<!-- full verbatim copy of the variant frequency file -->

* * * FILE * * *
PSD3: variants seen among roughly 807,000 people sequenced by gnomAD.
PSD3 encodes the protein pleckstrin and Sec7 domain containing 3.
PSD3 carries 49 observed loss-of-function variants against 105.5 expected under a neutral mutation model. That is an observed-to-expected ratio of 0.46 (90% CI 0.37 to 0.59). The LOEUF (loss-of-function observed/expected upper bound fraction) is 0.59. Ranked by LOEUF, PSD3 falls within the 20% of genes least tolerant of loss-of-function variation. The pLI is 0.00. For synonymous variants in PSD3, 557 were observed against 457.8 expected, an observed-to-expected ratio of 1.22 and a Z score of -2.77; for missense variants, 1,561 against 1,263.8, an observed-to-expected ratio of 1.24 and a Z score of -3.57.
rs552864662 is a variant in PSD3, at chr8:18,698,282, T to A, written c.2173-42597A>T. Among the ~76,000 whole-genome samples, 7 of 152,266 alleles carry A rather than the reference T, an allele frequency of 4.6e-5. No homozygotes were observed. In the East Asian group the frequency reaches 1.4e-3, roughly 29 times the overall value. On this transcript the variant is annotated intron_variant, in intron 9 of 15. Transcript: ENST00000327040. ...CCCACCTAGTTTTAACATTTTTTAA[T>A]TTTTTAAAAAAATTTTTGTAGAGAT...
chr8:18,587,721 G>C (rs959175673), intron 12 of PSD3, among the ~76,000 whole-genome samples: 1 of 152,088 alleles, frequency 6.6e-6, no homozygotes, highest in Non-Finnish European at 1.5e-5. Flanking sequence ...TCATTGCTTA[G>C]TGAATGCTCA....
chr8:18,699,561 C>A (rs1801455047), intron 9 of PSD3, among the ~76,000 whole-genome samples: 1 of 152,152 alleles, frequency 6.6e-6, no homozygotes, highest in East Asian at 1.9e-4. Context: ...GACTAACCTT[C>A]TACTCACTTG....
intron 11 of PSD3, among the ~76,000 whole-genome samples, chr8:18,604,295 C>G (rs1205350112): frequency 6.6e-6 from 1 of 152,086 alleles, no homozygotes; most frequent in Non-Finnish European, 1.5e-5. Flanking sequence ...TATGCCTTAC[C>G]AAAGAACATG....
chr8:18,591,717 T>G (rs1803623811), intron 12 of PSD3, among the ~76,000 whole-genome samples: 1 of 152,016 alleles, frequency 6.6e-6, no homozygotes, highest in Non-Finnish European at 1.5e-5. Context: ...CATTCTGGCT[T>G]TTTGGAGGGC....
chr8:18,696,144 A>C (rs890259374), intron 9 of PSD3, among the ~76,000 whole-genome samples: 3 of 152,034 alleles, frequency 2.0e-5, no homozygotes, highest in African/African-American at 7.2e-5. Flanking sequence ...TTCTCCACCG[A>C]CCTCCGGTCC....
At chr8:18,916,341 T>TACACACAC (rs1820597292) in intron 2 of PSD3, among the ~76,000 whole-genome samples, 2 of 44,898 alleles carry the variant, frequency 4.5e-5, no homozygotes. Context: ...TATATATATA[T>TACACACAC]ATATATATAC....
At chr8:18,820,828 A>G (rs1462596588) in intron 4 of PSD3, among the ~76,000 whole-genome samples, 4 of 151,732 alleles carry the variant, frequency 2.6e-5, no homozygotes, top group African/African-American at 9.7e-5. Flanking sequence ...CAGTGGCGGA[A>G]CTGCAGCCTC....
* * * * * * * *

PSD3: variants seen among roughly 807,000 people sequenced by gnomAD.
PSD3 encodes the protein pleckstrin and Sec7 domain containing 3.
PSD3 carries 49 observed loss-of-function variants against 105.5 expected under a neutral mutation model. That is an observed-to-expected ratio of 0.46 (90% CI 0.37 to 0.59). The LOEUF (loss-of-function observed/expected upper bound fraction) is 0.59. Ranked by LOEUF, PSD3 falls within the 20% of genes least tolerant of loss-of-function variation. The pLI is 0.00. For synonymous variants in PSD3, 557 were observed against 457.8 expected, an observed-to-expected ratio of 1.22 and a Z score of -2.77; for missense variants, 1,561 against 1,263.8, an observed-to-expected ratio of 1.24 and a Z score of -3.57.
rs552864662 is a variant in PSD3, at chr8:18,698,282, T to A, written c.2173-42597A>T. Among the ~76,000 whole-genome samples, 7 of 152,266 alleles carry A rather than the reference T, an allele frequency of 4.6e-5. No homozygotes were observed. In the East Asian group the frequency reaches 1.4e-3, roughly 29 times the overall value. On this transcript the variant is annotated intron_variant, in intron 9 of 15. Transcript: ENST00000327040. ...CCCACCTAGTTTTAACATTTTTTAA[T>A]TTTTTAAAAAAATTTTTGTAGAGAT...
chr8:18,587,721 G>C (rs959175673), intron 12 of PSD3, among the ~76,000 whole-genome samples: 1 of 152,088 alleles, frequency 6.6e-6, no homozygotes, highest in Non-Finnish European at 1.5e-5. Flanking sequence ...TCATTGCTTA[G>C]TGAATGCTCA....
chr8:18,699,561 C>A (rs1801455047), intron 9 of PSD3, among the ~76,000 whole-genome samples: 1 of 152,152 alleles, frequency 6.6e-6, no homozygotes, highest in East Asian at 1.9e-4. Context: ...GACTAACCTT[C>A]TACTCACTTG....
intron 11 of PSD3, among the ~76,000 whole-genome samples, chr8:18,604,295 C>G (rs1205350112): frequency 6.6e-6 from 1 of 152,086 alleles, no homozygotes; most frequent in Non-Finnish European, 1.5e-5. Flanking sequence ...TATGCCTTAC[C>G]AAAGAACATG....
chr8:18,591,717 T>G (rs1803623811), intron 12 of PSD3, among the ~76,000 whole-genome samples: 1 of 152,016 alleles, frequency 6.6e-6, no homozygotes, highest in Non-Finnish European at 1.5e-5. Context: ...CATTCTGGCT[T>G]TTTGGAGGGC....
chr8:18,696,144 A>C (rs890259374), intron 9 of PSD3, among the ~76,000 whole-genome samples: 3 of 152,034 alleles, frequency 2.0e-5, no homozygotes, highest in African/African-American at 7.2e-5. Flanking sequence ...TTCTCCACCG[A>C]CCTCCGGTCC....
At chr8:18,916,341 T>TACACACAC (rs1820597292) in intron 2 of PSD3, among the ~76,000 whole-genome samples, 2 of 44,898 alleles carry the variant, frequency 4.5e-5, no homozygotes. Context: ...TATATATATA[T>TACACACAC]ATATATATAC....
At chr8:18,820,828 A>G (rs1462596588) in intron 4 of PSD3, among the ~76,000 whole-genome samples, 4 of 151,732 alleles carry the variant, frequency 2.6e-5, no homozygotes, top group African/African-American at 9.7e-5. Flanking sequence ...CAGTGGCGGA[A>G]CTGCAGCCTC....